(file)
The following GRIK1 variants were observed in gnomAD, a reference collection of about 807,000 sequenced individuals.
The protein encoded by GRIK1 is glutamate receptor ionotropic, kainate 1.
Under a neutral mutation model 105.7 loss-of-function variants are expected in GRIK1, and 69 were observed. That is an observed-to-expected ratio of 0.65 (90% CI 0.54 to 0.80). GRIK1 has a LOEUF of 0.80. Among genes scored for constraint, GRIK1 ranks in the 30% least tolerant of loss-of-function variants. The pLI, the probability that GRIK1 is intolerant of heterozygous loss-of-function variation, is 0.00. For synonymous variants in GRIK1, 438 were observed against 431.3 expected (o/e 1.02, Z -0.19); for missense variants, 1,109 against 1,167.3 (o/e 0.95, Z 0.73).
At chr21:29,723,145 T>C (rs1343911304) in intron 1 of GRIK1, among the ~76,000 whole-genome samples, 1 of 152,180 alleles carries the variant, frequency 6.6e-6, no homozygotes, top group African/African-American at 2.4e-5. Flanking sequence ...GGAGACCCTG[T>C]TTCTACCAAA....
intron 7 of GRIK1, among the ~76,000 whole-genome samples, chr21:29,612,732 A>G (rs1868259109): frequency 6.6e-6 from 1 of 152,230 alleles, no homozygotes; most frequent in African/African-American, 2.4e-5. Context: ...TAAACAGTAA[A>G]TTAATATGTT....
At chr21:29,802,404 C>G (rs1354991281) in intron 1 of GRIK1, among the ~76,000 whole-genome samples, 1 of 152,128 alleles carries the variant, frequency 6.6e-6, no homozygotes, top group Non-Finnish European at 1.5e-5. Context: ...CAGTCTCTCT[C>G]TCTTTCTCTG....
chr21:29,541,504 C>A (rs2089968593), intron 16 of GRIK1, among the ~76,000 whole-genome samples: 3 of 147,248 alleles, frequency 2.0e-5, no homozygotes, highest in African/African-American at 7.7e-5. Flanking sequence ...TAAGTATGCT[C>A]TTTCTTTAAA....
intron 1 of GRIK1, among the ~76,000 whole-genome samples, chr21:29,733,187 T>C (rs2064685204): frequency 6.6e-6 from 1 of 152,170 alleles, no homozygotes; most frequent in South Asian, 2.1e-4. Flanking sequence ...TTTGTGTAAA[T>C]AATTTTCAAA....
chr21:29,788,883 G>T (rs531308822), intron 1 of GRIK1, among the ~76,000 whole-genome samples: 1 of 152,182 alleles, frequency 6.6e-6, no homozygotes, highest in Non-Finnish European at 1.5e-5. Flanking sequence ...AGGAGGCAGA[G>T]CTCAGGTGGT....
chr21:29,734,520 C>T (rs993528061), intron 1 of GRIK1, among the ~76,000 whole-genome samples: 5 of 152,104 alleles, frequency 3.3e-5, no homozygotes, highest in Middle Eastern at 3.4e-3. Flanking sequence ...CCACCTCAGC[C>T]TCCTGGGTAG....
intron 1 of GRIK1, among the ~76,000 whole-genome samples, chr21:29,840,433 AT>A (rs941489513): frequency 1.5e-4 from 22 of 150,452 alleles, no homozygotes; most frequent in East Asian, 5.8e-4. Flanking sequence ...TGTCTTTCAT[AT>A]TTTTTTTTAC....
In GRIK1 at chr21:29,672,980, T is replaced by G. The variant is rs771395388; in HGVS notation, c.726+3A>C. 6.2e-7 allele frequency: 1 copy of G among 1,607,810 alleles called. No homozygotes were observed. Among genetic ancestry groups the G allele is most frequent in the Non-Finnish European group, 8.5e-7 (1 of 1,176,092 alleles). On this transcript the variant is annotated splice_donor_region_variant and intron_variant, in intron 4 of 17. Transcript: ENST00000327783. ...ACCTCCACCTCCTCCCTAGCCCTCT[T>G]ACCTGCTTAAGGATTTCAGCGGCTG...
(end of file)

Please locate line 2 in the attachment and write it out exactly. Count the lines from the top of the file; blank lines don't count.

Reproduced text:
The protein encoded by GRIK1 is glutamate receptor ionotropic, kainate 1.